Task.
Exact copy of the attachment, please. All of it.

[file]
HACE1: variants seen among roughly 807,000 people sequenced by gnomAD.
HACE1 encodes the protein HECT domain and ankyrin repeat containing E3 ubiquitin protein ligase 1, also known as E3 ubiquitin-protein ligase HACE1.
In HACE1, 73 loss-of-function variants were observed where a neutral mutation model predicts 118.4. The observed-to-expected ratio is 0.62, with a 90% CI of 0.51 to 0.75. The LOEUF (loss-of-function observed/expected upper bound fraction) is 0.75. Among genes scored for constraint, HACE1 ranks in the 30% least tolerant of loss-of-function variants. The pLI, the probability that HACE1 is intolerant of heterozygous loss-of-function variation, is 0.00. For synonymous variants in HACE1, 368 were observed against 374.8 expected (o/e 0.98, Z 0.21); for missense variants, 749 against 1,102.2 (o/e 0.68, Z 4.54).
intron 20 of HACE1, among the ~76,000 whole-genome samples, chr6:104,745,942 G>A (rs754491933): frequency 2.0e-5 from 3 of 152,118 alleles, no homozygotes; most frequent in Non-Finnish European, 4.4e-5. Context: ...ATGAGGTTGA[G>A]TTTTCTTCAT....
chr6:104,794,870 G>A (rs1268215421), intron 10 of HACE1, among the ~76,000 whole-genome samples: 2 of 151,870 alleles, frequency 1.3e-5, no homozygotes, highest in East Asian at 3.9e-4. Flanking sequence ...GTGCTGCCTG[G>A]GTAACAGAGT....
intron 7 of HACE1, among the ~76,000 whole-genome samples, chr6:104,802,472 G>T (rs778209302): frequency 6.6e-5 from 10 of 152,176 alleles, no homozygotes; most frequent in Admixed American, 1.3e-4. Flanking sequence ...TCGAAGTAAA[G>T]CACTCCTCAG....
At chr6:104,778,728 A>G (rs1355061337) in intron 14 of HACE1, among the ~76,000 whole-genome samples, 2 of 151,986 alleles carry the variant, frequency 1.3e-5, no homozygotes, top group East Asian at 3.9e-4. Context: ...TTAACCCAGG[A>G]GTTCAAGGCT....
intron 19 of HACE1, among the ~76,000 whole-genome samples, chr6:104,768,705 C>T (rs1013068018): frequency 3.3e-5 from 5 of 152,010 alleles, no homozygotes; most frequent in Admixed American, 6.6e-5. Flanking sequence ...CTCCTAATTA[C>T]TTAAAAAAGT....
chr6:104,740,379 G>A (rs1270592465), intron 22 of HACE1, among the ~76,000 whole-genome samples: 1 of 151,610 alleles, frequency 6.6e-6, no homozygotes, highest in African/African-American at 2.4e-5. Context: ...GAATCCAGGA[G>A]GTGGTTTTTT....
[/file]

HACE1: variants seen among roughly 807,000 people sequenced by gnomAD.
HACE1 encodes the protein HECT domain and ankyrin repeat containing E3 ubiquitin protein ligase 1, also known as E3 ubiquitin-protein ligase HACE1.
In HACE1, 73 loss-of-function variants were observed where a neutral mutation model predicts 118.4. The observed-to-expected ratio is 0.62, with a 90% CI of 0.51 to 0.75. The LOEUF (loss-of-function observed/expected upper bound fraction) is 0.75. Among genes scored for constraint, HACE1 ranks in the 30% least tolerant of loss-of-function variants. The pLI, the probability that HACE1 is intolerant of heterozygous loss-of-function variation, is 0.00. For synonymous variants in HACE1, 368 were observed against 374.8 expected (o/e 0.98, Z 0.21); for missense variants, 749 against 1,102.2 (o/e 0.68, Z 4.54).
intron 20 of HACE1, among the ~76,000 whole-genome samples, chr6:104,745,942 G>A (rs754491933): frequency 2.0e-5 from 3 of 152,118 alleles, no homozygotes; most frequent in Non-Finnish European, 4.4e-5. Context: ...ATGAGGTTGA[G>A]TTTTCTTCAT....
chr6:104,794,870 G>A (rs1268215421), intron 10 of HACE1, among the ~76,000 whole-genome samples: 2 of 151,870 alleles, frequency 1.3e-5, no homozygotes, highest in East Asian at 3.9e-4. Flanking sequence ...GTGCTGCCTG[G>A]GTAACAGAGT....
intron 7 of HACE1, among the ~76,000 whole-genome samples, chr6:104,802,472 G>T (rs778209302): frequency 6.6e-5 from 10 of 152,176 alleles, no homozygotes; most frequent in Admixed American, 1.3e-4. Flanking sequence ...TCGAAGTAAA[G>T]CACTCCTCAG....
At chr6:104,778,728 A>G (rs1355061337) in intron 14 of HACE1, among the ~76,000 whole-genome samples, 2 of 151,986 alleles carry the variant, frequency 1.3e-5, no homozygotes, top group East Asian at 3.9e-4. Context: ...TTAACCCAGG[A>G]GTTCAAGGCT....
intron 19 of HACE1, among the ~76,000 whole-genome samples, chr6:104,768,705 C>T (rs1013068018): frequency 3.3e-5 from 5 of 152,010 alleles, no homozygotes; most frequent in Admixed American, 6.6e-5. Flanking sequence ...CTCCTAATTA[C>T]TTAAAAAAGT....
chr6:104,740,379 G>A (rs1270592465), intron 22 of HACE1, among the ~76,000 whole-genome samples: 1 of 151,610 alleles, frequency 6.6e-6, no homozygotes, highest in African/African-American at 2.4e-5. Context: ...GAATCCAGGA[G>A]GTGGTTTTTT....